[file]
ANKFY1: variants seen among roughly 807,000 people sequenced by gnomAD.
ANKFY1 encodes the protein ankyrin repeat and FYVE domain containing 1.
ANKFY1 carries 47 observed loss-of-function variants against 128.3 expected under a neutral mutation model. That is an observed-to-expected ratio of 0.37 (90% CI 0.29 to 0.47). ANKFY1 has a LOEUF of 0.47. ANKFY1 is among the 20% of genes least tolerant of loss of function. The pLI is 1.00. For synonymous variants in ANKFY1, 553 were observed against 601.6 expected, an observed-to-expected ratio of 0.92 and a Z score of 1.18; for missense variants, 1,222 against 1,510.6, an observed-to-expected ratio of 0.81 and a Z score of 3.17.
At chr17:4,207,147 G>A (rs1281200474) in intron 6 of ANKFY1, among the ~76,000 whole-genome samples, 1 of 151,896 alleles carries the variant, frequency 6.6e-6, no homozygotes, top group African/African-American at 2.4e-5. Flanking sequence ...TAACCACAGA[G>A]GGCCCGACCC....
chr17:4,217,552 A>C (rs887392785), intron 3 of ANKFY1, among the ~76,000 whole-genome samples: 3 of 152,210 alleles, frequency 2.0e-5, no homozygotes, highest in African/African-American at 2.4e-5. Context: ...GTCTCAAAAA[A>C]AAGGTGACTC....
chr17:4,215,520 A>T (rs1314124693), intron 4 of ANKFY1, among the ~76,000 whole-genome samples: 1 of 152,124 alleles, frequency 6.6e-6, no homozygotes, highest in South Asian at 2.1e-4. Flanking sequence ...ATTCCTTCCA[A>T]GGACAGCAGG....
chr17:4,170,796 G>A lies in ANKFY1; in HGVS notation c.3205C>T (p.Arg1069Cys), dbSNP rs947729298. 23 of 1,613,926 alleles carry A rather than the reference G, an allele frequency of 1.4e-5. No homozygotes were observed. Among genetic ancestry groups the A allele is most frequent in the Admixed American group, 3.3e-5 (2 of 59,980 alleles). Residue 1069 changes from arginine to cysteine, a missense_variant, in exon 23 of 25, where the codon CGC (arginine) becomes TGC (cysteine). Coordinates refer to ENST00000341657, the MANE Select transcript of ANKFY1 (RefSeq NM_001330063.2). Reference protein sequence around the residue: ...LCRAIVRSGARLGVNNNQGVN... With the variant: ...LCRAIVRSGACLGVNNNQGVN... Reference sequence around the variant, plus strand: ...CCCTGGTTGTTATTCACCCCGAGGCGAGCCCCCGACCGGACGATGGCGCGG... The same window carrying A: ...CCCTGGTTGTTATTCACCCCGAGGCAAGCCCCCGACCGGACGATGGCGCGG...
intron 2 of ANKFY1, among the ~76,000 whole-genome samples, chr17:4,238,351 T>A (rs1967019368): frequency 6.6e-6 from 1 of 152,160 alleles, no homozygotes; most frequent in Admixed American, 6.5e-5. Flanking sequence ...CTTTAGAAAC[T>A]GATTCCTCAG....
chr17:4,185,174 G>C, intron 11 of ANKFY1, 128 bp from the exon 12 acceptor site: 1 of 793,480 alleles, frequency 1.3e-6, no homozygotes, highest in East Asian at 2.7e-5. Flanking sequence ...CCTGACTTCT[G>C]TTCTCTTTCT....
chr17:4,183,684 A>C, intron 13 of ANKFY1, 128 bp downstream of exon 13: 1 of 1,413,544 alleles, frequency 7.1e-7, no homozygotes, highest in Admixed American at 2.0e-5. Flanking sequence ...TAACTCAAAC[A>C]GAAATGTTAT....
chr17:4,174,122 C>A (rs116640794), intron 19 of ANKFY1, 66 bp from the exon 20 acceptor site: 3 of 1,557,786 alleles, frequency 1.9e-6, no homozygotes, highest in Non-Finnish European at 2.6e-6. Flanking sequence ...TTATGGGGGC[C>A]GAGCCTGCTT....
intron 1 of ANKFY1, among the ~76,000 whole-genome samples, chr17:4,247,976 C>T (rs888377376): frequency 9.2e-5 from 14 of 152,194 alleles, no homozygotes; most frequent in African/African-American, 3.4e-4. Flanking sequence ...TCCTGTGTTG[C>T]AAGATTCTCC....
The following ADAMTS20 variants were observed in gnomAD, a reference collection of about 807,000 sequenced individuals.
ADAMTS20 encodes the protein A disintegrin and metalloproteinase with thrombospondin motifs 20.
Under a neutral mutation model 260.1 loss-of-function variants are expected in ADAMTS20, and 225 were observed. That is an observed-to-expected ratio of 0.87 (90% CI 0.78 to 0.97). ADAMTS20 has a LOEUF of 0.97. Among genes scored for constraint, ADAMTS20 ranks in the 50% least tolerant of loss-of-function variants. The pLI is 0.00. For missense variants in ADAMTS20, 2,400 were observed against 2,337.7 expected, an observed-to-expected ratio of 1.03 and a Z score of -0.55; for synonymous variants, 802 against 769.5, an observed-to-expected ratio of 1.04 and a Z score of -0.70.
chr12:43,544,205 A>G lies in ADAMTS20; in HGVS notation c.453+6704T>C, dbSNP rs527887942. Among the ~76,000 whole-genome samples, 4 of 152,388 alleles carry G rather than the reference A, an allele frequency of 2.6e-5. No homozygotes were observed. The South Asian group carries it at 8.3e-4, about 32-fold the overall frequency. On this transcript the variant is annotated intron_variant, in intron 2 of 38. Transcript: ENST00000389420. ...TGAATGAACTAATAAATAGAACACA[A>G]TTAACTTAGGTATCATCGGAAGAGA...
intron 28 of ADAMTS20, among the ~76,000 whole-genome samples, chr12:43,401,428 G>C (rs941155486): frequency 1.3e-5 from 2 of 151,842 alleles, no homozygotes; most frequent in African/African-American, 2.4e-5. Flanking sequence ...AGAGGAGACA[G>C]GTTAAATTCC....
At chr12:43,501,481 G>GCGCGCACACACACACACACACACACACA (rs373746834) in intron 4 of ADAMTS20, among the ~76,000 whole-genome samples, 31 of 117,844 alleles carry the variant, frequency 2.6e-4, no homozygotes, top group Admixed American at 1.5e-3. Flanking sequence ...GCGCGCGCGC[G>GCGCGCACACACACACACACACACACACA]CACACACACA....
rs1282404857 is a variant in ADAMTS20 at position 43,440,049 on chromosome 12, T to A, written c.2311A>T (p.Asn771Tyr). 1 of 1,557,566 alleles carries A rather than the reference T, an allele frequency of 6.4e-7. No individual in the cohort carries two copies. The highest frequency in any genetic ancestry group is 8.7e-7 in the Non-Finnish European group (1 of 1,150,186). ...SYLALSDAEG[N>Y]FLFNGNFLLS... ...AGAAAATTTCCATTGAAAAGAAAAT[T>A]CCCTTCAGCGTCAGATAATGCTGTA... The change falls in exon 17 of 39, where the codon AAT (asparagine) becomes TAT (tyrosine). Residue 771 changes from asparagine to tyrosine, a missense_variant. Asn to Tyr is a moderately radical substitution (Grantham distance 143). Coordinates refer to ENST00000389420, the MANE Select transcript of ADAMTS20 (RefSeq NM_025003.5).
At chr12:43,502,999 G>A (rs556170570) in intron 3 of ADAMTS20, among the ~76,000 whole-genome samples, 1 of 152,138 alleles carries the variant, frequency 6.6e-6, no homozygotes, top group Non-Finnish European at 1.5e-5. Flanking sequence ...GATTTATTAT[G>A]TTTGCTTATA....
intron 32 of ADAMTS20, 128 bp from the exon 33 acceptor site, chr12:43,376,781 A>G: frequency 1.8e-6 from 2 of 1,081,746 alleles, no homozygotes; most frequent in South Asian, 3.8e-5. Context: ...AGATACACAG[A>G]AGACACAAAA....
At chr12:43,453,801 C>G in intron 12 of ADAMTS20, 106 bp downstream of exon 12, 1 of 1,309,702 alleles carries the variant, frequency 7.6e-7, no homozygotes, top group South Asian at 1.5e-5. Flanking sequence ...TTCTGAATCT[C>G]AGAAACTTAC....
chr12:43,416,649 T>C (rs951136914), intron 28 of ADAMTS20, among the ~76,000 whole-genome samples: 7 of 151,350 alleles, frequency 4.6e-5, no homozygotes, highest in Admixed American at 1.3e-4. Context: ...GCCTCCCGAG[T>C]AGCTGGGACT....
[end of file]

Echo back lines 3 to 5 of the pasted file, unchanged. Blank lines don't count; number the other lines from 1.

ANKFY1 carries 47 observed loss-of-function variants against 128.3 expected under a neutral mutation model. That is an observed-to-expected ratio of 0.37 (90% CI 0.29 to 0.47). ANKFY1 has a LOEUF of 0.47. ANKFY1 is among the 20% of genes least tolerant of loss of function. The pLI is 1.00. For synonymous variants in ANKFY1, 553 were observed against 601.6 expected, an observed-to-expected ratio of 0.92 and a Z score of 1.18; for missense variants, 1,222 against 1,510.6, an observed-to-expected ratio of 0.81 and a Z score of 3.17.
At chr17:4,207,147 G>A (rs1281200474) in intron 6 of ANKFY1, among the ~76,000 whole-genome samples, 1 of 151,896 alleles carries the variant, frequency 6.6e-6, no homozygotes, top group African/African-American at 2.4e-5. Flanking sequence ...TAACCACAGA[G>A]GGCCCGACCC....
chr17:4,217,552 A>C (rs887392785), intron 3 of ANKFY1, among the ~76,000 whole-genome samples: 3 of 152,210 alleles, frequency 2.0e-5, no homozygotes, highest in African/African-American at 2.4e-5. Context: ...GTCTCAAAAA[A>C]AAGGTGACTC....